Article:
Starting Spring Crops from Seed

When soil reaches 45 degrees F, plant seeds outside:

Mizuna and Tatsoi (mild Asian Greens--often used in salad mix)

When soil reaches 50 degrees F, plant seeds or transplants outside :
Pak Choi,


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Replies to This Discussion

Welcome to the Bountiful Gardens Spring Newsletter

Start seeds indoors Feb-March:

Joan, thanks for the list! Time to get started!

I my run out of room for the indoor starts. Only have so many window sills! The main ones for me this year are hot peppers, sweet peppers, tomatoes, okra. Okra is not thought to do well in cool climates but I try anyway.

Oh - I started some oregano seeds a couple of weeks ago.  They are just showing tiny tiny leaves.  They are more for bee forage than for me, so I want lots of plants.  Cheaper to buy a packet of seeds.

I keep forgetting to check soil temp. I have the thermometer, just forget. Some seeds are up. I would very much like some snowpeas this year. Maybe I should start them indoors. The seeds seem to disappear. For the ones I planted outside, they are covered with chicken wire fencing, in case the reason the disappear arrives on wings or with a hopping down the bunny trail.

The radishes and turnips have germinated. Spinach is so so but the seeds were old.

Onion sets - about an inch tall so far.

Keeps me going.

I love oregano and have a very nice Greek one that does not get leggy. I'll send you some seeds next harvest season. The bees love it; walking by one can hear the buzz of bees, kind of part of the symphony of the garden. 

Right now, our temp is 15 degrees F and we have about an inch of new fallen snow, expecting more snow and rain starting tomorrow. 

The winds have pulled many pine branches down making a big mess. Cary swept them all up before the expected snow arrived to make shoveling easier. 

Buds on my Star Magnolia were just beginning to swell in the last warm spell. I will watch eagerly to see if they survive.  This has been a brutal winter for plants. Warm/freeze/thaw. Several cycles throughout the winter. What does not survive will be replaced with vegetables.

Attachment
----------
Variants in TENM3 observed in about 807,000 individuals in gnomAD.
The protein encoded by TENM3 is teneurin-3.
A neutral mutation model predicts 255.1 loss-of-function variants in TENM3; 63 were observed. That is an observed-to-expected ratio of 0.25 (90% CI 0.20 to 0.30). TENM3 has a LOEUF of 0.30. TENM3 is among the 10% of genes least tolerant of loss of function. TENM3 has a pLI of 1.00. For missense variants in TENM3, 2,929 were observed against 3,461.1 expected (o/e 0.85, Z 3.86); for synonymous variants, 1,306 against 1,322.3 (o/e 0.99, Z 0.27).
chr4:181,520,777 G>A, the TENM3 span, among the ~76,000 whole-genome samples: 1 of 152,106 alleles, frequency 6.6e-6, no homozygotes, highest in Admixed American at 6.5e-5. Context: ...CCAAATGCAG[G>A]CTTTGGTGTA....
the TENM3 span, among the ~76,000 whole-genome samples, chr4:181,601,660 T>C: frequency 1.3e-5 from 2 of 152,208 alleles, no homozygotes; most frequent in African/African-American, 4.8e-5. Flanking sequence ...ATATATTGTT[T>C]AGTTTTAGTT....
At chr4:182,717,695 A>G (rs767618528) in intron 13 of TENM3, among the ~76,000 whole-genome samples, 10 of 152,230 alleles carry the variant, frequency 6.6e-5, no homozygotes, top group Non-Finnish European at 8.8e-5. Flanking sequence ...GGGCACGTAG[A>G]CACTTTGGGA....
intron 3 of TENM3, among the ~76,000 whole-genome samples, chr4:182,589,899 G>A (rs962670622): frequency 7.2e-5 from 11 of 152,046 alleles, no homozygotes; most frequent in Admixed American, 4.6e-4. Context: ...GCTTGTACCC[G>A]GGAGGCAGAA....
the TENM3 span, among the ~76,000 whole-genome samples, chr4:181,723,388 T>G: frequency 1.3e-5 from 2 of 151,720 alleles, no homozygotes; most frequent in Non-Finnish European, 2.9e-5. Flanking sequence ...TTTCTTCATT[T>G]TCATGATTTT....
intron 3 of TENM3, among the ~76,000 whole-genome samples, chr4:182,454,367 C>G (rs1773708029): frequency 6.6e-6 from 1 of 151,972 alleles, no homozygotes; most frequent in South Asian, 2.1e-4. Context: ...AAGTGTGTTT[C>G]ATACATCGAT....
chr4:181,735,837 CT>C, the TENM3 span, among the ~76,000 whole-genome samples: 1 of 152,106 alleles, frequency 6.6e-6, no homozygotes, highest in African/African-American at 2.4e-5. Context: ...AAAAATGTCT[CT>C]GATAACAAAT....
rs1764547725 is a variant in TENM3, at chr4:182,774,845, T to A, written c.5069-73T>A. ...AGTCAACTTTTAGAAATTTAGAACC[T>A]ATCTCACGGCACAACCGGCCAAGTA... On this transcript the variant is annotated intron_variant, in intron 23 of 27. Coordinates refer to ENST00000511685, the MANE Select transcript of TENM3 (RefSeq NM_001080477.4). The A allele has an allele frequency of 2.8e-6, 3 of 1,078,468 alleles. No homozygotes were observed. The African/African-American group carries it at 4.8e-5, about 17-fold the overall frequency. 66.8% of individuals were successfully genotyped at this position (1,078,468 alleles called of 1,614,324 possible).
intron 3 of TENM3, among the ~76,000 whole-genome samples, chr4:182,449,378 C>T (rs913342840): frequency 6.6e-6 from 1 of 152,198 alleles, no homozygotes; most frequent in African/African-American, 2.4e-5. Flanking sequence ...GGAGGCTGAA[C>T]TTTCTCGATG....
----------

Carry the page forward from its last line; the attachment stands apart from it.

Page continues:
I have not yet started seeds inside because of such strange weather. All me seeds that I chose take 50-60 days to maturity, so I will have season enough for their full development. Everything is ready: planter boxes, seed starting mix and seeds. 

The seeds I start outside will be staggered because I lose them to cold/wet soil conditions. The boxes are not as bad, of course, so it won't be too long before I start my lovely sweet peas and edible peas. 

It would be nice to have some oregano seeds from you, jusgt because they are from you! 


Allium-family plants are looking good here.  Winter onions, chives, garlic chives, garlic.  They came through the winter like champions.


I have some radishs, turnips sprouting in a covered bed.  FInally figured out how to consgtruct so the cover doesn't collapse.  They are tiny.  Seeds planted later might grow faster and pass them in growth, but it's nice to see something grow!


I have pepper plants and okra with flower buds in my window sill under fluorescent lights.  I don't know what will happen with those.  Way too early.


This week I planted snowpeas in small plastic flowerpots.  And 4 O'Clocks.  I save the containers year after year, so there is minimal waste and no cost, just because it makes me feel frugal.  I read 4 O'Clocks are deer resistant because of toxic leaves - distant nightshade relative - and they are a nostalgia plant.


Please enjoy your seed planting Joan!  I can picture you at your window sill planting and puttering.




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